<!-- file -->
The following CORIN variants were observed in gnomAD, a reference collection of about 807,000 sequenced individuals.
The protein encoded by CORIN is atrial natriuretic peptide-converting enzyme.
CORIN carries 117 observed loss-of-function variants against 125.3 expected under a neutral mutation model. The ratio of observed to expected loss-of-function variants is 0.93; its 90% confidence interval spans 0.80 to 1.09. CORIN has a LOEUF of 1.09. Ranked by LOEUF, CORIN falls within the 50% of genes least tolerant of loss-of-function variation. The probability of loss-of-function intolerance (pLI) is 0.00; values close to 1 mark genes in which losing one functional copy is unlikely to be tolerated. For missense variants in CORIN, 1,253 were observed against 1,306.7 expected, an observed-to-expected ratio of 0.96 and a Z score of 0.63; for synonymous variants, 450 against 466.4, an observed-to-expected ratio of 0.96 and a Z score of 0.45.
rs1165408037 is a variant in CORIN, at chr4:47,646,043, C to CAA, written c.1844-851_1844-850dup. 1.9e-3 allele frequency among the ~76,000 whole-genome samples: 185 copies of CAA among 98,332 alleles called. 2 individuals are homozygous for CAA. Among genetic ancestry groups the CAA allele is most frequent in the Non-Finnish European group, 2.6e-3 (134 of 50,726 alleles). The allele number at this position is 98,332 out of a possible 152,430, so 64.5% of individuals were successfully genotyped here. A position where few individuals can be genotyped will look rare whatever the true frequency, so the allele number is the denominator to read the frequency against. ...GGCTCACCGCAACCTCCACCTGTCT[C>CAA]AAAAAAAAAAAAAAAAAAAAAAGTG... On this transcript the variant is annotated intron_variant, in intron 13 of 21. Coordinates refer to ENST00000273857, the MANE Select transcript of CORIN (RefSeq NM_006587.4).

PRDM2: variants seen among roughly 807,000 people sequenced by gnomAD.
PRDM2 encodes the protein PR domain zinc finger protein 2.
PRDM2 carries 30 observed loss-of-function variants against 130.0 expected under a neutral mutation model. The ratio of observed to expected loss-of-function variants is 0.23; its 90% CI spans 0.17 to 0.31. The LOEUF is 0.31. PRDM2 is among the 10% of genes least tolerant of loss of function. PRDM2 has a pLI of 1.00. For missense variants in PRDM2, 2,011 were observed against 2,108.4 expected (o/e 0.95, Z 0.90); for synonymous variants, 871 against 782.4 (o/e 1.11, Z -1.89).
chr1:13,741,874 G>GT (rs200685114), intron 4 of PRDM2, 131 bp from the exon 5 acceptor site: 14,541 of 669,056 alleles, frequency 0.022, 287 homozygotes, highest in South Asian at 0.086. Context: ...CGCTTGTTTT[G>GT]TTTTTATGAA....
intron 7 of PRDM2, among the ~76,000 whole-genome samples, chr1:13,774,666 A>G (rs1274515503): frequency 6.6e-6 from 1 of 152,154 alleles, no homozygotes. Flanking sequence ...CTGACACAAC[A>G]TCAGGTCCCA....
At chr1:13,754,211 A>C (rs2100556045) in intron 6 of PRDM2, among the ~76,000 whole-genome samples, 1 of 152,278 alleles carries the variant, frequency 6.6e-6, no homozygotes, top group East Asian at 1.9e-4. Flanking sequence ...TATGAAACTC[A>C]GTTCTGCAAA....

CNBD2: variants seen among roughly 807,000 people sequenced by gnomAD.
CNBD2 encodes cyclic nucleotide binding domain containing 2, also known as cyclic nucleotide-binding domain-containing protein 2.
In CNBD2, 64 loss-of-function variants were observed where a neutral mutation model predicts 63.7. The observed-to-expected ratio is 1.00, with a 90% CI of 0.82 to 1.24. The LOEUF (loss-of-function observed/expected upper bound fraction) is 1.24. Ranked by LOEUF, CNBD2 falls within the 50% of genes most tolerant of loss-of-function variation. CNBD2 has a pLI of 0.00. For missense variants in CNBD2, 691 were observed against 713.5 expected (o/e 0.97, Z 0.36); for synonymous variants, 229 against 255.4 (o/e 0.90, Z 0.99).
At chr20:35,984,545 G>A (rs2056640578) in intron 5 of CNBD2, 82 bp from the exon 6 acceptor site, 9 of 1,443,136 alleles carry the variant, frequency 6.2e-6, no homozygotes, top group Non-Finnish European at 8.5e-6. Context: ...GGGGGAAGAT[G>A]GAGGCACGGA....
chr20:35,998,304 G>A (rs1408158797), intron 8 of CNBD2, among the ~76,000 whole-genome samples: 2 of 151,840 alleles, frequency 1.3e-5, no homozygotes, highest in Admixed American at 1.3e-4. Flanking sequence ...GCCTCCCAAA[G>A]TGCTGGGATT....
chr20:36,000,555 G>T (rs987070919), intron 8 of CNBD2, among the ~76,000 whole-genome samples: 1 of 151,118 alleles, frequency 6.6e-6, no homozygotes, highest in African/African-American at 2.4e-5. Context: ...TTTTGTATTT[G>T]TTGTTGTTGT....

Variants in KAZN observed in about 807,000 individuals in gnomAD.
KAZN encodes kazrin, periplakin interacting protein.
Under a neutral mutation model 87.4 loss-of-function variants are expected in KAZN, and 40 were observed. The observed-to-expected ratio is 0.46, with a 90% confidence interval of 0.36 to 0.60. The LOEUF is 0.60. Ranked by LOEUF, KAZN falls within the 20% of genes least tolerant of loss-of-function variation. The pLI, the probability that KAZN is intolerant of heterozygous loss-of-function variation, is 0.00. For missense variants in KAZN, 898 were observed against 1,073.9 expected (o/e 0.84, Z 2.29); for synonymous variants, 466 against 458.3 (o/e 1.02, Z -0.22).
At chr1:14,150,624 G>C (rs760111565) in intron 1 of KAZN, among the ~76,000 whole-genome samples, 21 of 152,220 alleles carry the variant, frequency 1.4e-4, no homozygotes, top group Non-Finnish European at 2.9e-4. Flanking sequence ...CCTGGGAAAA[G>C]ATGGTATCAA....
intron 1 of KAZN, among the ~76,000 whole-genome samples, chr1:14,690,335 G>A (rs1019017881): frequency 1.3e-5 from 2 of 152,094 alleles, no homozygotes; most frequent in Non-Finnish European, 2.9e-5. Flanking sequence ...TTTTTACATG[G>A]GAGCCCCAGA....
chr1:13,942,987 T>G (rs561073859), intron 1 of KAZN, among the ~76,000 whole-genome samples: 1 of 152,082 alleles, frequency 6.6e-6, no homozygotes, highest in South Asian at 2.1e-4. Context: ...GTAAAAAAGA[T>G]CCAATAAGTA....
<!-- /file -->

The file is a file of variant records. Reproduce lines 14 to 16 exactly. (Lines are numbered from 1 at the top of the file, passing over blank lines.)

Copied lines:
At chr20:35,984,545 G>A (rs2056640578) in intron 5 of CNBD2, 82 bp from the exon 6 acceptor site, 9 of 1,443,136 alleles carry the variant, frequency 6.2e-6, no homozygotes, top group Non-Finnish European at 8.5e-6. Context: ...GGGGGAAGAT[G>A]GAGGCACGGA....
chr20:35,998,304 G>A (rs1408158797), intron 8 of CNBD2, among the ~76,000 whole-genome samples: 2 of 151,840 alleles, frequency 1.3e-5, no homozygotes, highest in Admixed American at 1.3e-4. Flanking sequence ...GCCTCCCAAA[G>A]TGCTGGGATT....
chr20:36,000,555 G>T (rs987070919), intron 8 of CNBD2, among the ~76,000 whole-genome samples: 1 of 151,118 alleles, frequency 6.6e-6, no homozygotes, highest in African/African-American at 2.4e-5. Context: ...TTTTGTATTT[G>T]TTGTTGTTGT....